Coronado’s Female Law Enforcement Officers Are Setting An Example For Others To Follow - Coronado Eagle & Journal | Coronado News | Coronado Island News: Coronado City News

Coronado’s Female Law Enforcement Officers Are Setting An Example For Others To Follow

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Posted: Thursday, August 1, 2019 3:48 pm

Female police officers have been around since 1891 when Chicago employed the first females, according to Wikipedia. In 1908, the city of Long Beach introduced female officers to California. Relevant statistics were stale at best on all the web sites, with Wikipedia stating, “Women in law enforcement in the United States represent roughly a tenth of all law enforcement officers in the United States.” None the less, the rise in numbers of females working alongside male police officers has been steady but slow. Not until the passing of an anti-discriminatory act in 1972 did hiring females for police duty become acceptable. At that time “the number of female police cops in any given United States police department was steady at about 2 percent.”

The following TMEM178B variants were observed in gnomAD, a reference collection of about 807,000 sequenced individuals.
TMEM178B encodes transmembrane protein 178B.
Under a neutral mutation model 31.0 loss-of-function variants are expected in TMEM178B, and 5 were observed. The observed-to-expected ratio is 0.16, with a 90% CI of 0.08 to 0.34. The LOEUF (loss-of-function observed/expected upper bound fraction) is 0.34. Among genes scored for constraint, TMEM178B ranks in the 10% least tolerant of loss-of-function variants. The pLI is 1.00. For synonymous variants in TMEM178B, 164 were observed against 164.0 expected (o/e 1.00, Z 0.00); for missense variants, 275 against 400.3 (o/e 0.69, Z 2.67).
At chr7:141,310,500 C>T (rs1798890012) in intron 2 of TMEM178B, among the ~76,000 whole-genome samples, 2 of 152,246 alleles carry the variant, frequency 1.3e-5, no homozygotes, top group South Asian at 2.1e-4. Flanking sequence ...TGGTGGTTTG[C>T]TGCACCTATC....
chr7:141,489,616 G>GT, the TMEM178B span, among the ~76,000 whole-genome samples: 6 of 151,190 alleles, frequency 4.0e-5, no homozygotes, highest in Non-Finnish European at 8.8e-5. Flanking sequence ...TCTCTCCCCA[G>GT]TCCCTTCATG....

Coronado is forward thinking in many ways, and none more so than in its police force. The percentage of female officers is around 26.2 percent and expected to rise. That number exceeds statistics for other San Diego cities or the average for the nation. While the number of male police officers far outweighs the number of females, women are making an inroad in the predominately male profession, with the percentage rising three to four percent every ten years.

Female officers interviewed for this article are comfortable in their jobs, feeling they are accepted and no longer need to actively “prove themselves.” Although research indicates the problem still exists in many areas, they indicated no feeling of gender discrimination, and comments from male officers reflected admiration and respect for their fellow female officers. One male police officer said, “We have the cream of the crop, highly educated, skilled female officers.”